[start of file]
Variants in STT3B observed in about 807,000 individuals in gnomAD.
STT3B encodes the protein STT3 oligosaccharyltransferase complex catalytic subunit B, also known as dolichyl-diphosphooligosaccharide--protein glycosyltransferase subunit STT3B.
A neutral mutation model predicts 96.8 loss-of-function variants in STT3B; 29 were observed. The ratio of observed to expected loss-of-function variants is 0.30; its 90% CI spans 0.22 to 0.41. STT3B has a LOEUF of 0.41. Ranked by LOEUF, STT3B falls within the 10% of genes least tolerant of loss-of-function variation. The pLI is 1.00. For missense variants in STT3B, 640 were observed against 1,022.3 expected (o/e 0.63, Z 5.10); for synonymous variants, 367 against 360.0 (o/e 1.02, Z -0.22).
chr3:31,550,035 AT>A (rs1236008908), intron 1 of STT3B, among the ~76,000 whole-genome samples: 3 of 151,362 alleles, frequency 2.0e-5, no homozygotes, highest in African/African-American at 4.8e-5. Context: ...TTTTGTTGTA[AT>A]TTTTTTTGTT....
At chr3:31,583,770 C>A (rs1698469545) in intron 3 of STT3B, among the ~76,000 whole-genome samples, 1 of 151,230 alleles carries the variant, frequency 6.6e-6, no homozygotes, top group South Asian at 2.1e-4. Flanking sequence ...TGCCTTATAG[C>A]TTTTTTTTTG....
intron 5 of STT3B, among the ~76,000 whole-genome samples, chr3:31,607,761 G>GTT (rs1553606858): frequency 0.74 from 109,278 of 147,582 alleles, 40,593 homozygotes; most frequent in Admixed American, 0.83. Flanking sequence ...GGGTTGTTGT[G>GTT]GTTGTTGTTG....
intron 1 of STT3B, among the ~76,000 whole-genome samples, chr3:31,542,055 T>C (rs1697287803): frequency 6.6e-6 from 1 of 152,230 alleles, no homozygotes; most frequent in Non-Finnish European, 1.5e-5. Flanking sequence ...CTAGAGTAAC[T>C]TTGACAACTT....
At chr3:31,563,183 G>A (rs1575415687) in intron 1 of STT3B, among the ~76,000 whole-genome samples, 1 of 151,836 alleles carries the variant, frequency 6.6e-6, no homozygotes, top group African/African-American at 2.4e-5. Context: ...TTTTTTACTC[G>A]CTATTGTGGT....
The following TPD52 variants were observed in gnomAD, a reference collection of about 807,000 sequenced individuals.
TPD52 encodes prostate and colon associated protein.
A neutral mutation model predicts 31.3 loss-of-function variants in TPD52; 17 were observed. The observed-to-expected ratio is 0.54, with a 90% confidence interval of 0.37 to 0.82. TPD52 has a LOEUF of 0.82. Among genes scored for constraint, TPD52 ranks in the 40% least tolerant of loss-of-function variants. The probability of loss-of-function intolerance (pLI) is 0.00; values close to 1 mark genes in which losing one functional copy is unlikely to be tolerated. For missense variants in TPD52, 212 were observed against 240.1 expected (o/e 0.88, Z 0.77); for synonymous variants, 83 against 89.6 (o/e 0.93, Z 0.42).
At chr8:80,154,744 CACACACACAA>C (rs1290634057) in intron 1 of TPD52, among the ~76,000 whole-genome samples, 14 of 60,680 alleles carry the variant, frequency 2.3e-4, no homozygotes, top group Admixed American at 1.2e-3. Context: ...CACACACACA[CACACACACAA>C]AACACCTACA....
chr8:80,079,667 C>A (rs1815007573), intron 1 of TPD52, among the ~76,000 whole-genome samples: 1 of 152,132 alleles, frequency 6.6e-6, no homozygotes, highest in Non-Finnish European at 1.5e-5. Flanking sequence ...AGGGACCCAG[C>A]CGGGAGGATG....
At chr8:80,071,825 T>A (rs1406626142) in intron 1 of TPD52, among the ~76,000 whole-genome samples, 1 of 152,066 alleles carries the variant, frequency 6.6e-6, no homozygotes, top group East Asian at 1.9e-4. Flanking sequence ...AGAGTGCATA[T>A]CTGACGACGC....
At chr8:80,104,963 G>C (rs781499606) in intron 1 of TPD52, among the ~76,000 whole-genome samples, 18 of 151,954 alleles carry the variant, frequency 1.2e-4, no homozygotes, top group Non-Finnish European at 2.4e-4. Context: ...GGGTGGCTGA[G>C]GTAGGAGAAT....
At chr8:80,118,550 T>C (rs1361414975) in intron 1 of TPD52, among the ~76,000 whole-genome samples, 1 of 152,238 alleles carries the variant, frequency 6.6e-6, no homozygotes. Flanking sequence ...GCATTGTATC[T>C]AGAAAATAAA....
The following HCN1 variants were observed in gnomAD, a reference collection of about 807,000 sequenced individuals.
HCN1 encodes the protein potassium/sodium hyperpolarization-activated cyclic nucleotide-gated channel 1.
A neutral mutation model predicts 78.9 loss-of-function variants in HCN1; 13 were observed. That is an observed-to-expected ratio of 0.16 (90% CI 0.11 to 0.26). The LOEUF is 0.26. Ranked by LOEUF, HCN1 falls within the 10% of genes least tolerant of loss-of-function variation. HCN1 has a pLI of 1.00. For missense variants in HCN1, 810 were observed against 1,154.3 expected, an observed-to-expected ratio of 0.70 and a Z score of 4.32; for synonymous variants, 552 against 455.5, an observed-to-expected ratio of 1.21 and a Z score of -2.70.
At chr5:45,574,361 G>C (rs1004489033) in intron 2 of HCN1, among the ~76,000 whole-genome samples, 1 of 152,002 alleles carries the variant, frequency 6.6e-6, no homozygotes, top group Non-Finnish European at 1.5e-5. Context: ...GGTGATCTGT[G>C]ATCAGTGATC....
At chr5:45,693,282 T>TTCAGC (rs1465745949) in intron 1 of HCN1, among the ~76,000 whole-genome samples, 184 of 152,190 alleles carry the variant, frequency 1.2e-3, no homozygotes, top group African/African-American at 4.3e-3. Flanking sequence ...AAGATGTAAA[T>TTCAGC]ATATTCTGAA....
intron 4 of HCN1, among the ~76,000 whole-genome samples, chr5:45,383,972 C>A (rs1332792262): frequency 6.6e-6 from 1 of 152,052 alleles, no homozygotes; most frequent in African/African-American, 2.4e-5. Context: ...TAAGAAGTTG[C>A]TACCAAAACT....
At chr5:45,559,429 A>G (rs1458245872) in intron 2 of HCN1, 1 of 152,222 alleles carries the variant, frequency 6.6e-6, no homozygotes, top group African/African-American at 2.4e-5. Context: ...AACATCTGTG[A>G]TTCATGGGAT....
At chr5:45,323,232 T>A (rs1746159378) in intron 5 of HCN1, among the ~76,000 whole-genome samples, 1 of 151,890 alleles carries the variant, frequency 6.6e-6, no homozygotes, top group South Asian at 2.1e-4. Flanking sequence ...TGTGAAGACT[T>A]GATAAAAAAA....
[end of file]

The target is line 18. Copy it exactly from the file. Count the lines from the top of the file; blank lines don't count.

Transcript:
HCN1 encodes the protein potassium/sodium hyperpolarization-activated cyclic nucleotide-gated channel 1.